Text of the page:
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Can an employment agreement executed after the employee starts work be enforced? The Ontario Court of Appeal says yes.

Julia Wood received an offer for employment from Fred Deeley Imports (“Deeley”) on April 17, 2007. Wood accepted the offer during the phone call, and later received an email from Deeley which outlined the terms of her employment. The parties could not recall the date of the email, but it was received by Wood prior to commencing employment with Deeley on April 23, 2007. Then, on April 24, 2007, Wood met with the human resources representative and signed various employment documents, including an employment agreement. Eight years later, Deeley terminated Wood’s employment. Wood commenced a wrongful dismissal action, alleging (among other things) that her entire employment agreement was unenforceable because she signed it after she commenced working for Deeley.

The trial judge considered the exchange between the parties leading up to the execution of the contract, and inferred that the terms of Wood’s employment were contained in the email, which she received before she started working. Given that there had been no substantial change in the terms before Wood signed the contract, the trial judge found that the employment agreement was enforceable.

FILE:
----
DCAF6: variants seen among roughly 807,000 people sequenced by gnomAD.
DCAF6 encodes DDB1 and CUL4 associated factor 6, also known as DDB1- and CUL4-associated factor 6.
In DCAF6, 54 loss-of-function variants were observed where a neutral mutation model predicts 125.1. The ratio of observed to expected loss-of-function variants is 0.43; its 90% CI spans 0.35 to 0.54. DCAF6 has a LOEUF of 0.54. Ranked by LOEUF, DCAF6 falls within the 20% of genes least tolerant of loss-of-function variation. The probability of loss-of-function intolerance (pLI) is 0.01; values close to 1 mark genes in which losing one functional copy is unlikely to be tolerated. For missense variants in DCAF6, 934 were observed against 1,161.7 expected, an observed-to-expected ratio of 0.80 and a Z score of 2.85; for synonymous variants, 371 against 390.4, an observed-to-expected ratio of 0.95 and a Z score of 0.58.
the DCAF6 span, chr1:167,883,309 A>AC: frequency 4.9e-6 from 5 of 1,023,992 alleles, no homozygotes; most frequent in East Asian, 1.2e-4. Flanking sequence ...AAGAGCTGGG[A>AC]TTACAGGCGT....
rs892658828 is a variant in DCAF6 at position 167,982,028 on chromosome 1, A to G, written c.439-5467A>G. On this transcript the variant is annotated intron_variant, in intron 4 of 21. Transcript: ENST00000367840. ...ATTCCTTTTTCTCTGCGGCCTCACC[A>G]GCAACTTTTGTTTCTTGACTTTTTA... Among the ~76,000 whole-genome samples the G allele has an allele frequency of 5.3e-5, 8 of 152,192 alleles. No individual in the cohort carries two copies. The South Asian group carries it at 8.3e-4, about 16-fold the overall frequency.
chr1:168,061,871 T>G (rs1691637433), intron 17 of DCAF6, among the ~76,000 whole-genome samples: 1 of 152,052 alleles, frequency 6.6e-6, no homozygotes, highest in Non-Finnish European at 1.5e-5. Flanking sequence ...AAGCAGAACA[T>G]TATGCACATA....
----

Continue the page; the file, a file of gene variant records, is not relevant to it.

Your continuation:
Wood appealed, arguing that in order for the employment agreement, executed the day after she started working for Deeley, to be enforceable, she needed to receive fresh consideration from Deeley.

In Wood v. Fred Deeley Imports Ltd., 2017 ONCA 158, the Ontario Court of Appeal confirmed that a “written employment agreement is not unenforceable merely because the employee signs it after starting to work” (at para. 12). The Court found the trial judge’s inference to be reasonable, noting that Deeley did not claim she reviewed the terms of her employment for the first time on April 24, 2007, or that the contract contained any new material terms. The Court acknowledged that the contract was likely signed the day after Deeley started work as “a matter of administrative convenience.” In these circumstances, fresh consideration was not necessary.


This decision is a welcome one for employers across Canada. It is highly advisable that employers provide employees with a copy of their employment agreement for review in advance of commencing employment. It is also highly advisable that employers have the employee execute and return the contract prior to commencing employment.  If, however, the contract is executed shortly after the employee commences work and provided it is substantially the same as the version sent to the employee prior to their start date, this decision makes it clear that it will likely be enforceable.  Thus, although it is not advisable to wait until after employment has commenced to have an employee sign a contract, not all is lost if such circumstances arise.



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